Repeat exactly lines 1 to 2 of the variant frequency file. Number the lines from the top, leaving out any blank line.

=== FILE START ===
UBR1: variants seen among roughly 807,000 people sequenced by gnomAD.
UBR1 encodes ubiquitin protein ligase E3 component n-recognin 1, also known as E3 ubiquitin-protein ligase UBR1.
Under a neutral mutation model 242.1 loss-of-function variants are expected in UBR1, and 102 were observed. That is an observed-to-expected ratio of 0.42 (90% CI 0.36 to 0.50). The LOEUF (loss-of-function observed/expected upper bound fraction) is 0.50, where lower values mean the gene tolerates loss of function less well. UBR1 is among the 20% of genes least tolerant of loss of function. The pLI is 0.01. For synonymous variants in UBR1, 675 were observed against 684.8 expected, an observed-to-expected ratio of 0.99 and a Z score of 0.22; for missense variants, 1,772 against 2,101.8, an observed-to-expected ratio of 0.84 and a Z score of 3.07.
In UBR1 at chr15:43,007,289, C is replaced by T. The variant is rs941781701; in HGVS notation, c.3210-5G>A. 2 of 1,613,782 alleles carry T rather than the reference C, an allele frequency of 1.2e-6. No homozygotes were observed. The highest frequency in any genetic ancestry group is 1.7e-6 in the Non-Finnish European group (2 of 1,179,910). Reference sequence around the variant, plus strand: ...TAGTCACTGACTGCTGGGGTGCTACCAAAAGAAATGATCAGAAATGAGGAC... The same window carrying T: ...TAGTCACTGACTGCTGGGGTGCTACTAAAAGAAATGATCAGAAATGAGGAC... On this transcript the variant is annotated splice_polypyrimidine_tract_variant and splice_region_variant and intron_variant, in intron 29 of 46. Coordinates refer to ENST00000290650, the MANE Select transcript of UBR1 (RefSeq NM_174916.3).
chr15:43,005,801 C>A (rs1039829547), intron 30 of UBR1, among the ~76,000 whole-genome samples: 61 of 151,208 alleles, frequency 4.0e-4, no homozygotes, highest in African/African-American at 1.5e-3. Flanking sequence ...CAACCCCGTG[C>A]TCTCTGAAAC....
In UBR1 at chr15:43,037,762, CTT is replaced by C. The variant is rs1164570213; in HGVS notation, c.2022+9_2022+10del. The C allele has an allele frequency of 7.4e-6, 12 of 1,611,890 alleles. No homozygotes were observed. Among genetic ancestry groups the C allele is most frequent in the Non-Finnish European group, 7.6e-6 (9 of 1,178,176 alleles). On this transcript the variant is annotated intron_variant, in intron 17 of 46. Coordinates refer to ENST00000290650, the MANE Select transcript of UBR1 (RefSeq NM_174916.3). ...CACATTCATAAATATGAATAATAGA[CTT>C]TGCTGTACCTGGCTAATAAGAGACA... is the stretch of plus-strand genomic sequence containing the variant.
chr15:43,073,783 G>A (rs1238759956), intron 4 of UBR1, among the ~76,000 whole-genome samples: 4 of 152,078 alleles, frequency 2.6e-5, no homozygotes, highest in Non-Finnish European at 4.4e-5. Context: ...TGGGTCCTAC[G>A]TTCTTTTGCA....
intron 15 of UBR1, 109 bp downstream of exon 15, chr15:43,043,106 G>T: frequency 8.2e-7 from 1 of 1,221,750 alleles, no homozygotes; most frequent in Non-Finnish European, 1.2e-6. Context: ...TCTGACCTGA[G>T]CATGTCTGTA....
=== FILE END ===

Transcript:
UBR1: variants seen among roughly 807,000 people sequenced by gnomAD.
UBR1 encodes ubiquitin protein ligase E3 component n-recognin 1, also known as E3 ubiquitin-protein ligase UBR1.